with his family in 1895, and began bassoon instruction at age 11 with his father Marcus, also a bassoonist. By 1906, he was already of bassoonist with the Russian Symphony Orchestra. Beginning in the 1908 season, Benjamin Kohon was appointed solo bassoon of the New York Philharmonic under Gustav Mahler where he stayed 1908-1912, He went to the Philadelphia Orchestra as Principal bassoon from 1912-1915. Then, like Daniel Bonade, Kohon joined Diaghilev's Ballet Russe American tours in 1915 and 1916. The first summer in 1915 was under Ansermet, which group also recorded Schumann under Ansermet for Columbia Graphophone - disk A5845 in 1915.
Philip Farkas born March 5, 1914 in Chicago of parents of Czechoslovak origin. Farkas described his family as not being not particularly musical, but he took piano lessons 126. Then, in the school band, Farkas initially took up the tuba. In a famous Farkas story, one day, boarding the street car with his large tuba, the conductor complained that the tuba took up too much space, leading Farkas to change to the horn. He started horn study at about age 14, and was initially self-taught. As a student, he was first horn in the Chicago Civic Orchestra, the training orchestra for the Chicago Symphony. Farkas described his early horn education: '...One day, while going past Carl Geyer's workshop, I heard some incredibly beautiful sounds coming out the door. Upon investigating, I found that it was Louis Dufrasne trying out a new Geyer horn [Louis Victor Dufrasne. born in Belgium in 1878, was Principal horn of the Chicago Opera Company]. At that exact moment, I determined two things; I would some day own a Geyer horn and I would have Mr. Dufrasne as my teacher. I started with Mr. Dufrasne right away, but it took quite a few months before Carl Geyer determined whether or not I was qualified to own one of his beautiful horns. But in the end, I got my Geyer horn and played it for about 23 years...'126.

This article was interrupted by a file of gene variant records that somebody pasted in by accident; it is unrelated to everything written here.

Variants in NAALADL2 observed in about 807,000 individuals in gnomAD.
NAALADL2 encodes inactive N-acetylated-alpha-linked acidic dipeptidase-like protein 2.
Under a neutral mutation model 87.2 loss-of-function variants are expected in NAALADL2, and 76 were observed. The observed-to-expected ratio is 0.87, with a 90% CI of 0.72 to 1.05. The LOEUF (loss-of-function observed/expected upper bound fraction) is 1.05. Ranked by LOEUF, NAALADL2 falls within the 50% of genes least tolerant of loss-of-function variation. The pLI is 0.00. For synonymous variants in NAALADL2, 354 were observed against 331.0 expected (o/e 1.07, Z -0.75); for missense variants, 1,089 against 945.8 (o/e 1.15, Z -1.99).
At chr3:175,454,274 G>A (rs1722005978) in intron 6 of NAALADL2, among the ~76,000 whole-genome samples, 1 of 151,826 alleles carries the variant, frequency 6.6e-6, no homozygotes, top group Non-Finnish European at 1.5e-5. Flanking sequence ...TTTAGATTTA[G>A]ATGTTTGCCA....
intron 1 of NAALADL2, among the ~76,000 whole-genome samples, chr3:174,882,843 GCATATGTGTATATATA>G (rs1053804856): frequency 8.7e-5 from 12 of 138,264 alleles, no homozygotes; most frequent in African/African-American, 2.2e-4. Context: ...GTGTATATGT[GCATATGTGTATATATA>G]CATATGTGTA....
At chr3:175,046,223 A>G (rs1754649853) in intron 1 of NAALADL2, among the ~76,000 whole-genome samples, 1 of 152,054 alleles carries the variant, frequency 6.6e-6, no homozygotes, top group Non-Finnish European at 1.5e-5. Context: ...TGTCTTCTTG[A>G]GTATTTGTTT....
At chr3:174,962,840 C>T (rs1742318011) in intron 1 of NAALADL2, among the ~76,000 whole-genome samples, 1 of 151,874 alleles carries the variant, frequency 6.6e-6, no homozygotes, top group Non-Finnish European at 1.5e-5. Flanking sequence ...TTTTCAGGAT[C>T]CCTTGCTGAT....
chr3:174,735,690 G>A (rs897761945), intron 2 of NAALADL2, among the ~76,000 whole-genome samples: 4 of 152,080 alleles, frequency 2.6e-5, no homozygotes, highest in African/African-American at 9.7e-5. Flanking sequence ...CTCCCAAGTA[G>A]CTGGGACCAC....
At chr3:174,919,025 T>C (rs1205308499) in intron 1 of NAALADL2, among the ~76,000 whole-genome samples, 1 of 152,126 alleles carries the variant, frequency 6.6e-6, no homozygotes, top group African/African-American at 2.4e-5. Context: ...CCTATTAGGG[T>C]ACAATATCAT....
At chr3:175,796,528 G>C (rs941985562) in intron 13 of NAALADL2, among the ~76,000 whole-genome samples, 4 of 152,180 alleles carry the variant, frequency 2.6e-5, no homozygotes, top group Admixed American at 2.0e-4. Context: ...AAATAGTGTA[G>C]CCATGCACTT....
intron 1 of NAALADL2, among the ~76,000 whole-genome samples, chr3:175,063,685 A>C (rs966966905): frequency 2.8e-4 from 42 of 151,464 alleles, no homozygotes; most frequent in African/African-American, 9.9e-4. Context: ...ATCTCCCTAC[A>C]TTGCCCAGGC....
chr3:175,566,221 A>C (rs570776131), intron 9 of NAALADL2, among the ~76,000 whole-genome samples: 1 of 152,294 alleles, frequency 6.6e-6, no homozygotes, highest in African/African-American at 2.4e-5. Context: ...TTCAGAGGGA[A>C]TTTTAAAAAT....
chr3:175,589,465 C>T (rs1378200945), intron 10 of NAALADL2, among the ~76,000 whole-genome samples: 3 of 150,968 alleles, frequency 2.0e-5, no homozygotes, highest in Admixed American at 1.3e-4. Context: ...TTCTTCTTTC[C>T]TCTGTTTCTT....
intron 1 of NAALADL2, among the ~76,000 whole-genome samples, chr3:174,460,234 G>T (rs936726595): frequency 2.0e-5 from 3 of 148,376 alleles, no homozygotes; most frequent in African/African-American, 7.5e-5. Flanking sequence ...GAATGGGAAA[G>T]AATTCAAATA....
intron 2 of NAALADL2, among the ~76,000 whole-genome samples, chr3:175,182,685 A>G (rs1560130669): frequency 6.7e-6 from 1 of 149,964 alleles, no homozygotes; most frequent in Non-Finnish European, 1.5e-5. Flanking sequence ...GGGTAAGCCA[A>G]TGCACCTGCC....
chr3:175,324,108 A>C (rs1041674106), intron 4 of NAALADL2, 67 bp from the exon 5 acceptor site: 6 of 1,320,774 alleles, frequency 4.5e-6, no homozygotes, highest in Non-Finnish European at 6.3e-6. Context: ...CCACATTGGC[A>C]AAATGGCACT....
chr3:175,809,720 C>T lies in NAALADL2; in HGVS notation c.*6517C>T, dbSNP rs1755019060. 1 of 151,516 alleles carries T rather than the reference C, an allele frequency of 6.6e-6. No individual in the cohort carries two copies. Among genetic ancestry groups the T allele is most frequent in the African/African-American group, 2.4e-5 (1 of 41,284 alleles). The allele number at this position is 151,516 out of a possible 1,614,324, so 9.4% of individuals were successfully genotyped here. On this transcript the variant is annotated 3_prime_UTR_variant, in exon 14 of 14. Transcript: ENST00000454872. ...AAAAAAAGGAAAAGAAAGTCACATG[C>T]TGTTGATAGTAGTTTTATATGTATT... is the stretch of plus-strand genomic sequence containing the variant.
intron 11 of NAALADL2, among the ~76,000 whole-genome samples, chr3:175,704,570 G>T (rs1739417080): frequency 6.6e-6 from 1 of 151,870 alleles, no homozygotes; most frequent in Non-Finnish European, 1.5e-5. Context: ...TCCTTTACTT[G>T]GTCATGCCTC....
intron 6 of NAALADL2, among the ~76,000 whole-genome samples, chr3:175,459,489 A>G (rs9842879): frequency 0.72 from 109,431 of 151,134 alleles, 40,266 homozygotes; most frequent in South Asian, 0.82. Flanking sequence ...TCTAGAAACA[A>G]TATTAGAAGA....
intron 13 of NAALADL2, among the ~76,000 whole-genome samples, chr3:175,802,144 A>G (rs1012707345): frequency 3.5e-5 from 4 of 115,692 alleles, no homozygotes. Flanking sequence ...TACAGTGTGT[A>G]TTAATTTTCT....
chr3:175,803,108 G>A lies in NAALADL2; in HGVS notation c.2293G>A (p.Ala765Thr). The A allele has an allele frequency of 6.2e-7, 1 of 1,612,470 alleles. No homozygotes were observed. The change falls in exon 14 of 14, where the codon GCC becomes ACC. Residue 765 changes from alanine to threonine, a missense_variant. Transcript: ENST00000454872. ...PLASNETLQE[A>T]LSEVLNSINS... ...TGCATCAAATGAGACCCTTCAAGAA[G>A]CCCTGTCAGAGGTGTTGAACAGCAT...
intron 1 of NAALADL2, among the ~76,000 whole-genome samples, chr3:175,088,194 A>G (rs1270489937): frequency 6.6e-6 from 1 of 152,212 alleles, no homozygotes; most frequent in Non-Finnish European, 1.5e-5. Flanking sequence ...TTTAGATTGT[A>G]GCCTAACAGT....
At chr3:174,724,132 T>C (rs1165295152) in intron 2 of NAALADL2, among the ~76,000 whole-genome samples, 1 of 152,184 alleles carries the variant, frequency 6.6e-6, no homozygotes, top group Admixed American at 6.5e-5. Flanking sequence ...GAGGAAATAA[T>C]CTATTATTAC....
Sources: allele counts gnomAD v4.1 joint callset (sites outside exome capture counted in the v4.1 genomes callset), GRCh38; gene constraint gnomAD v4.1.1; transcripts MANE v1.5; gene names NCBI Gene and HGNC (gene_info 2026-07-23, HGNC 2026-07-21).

First essay for orchestra op 12 atlanta symphony orchestra
After gaining his MMus at Juilliard, David Bilger was the first-prize winner of the 1985 Concert Artists Guild International Competition. In the summer of 1990, David Bilger played in the summer season of the New York Philharmonic. Starting in 1988, David Bilger joined the Dallas Symphony, first as Co-Principal trumpet, and moving into the Principal chair 1991-1995. In 1995, David Bilger won the competition to become Principal trumpet of the Philadelphia Orchestra, succeeding Frank Kaderabek, and continuing the long tradition of excellence of the Philadelphia trumpet section. As well as his responsibilities as section head, Bilger acts as chairman of the artistic committee of the Philadelphia Orchestra. David Bilger is also a composer, such as , a work for trumpet, horn and piano showing the expressive possibilities of the trumpet. His wife Angela Cordell Bilger is a horn player who has also played with the Philadelphia Orchestra. David Bilger has been particularly active in teaching. He joined the faculty of the Hugh Hodgson School of Music at the University of Georgia 2011-2013, while continuing his program teaching at the Curtis Institute and at the Boyer College of Music - Temple University. At the same time, continuing his full schedule with the Philadelphia Orchestra. David Bilger has recorded a number of CDs. Of particular note is First Chairs, a CD of music of Samuel Adler (1928- ), also of the Juilliard School, featuring extended solo music performed by some of the most famous Principals of US orchestras, including Bilger. One of my favorites is a recording of the Brandenburg Concerto no 2, with Chamber Music Society of Lincoln Center on a CMS CD with exciting and stylish playing of the difficult trumpet part --- the set is one of the finest Brandenburg recordings available. Eric Carlson, Second trombone, Nitzan Haroz, Principal trombone, Matt Vaughn, then Associate Principal trombone and now Co-Principal trombone, Blair Bollinger, Bass trombone, (l to r) the great Philadelphia Orchestra trombone choir pictured here in 2004.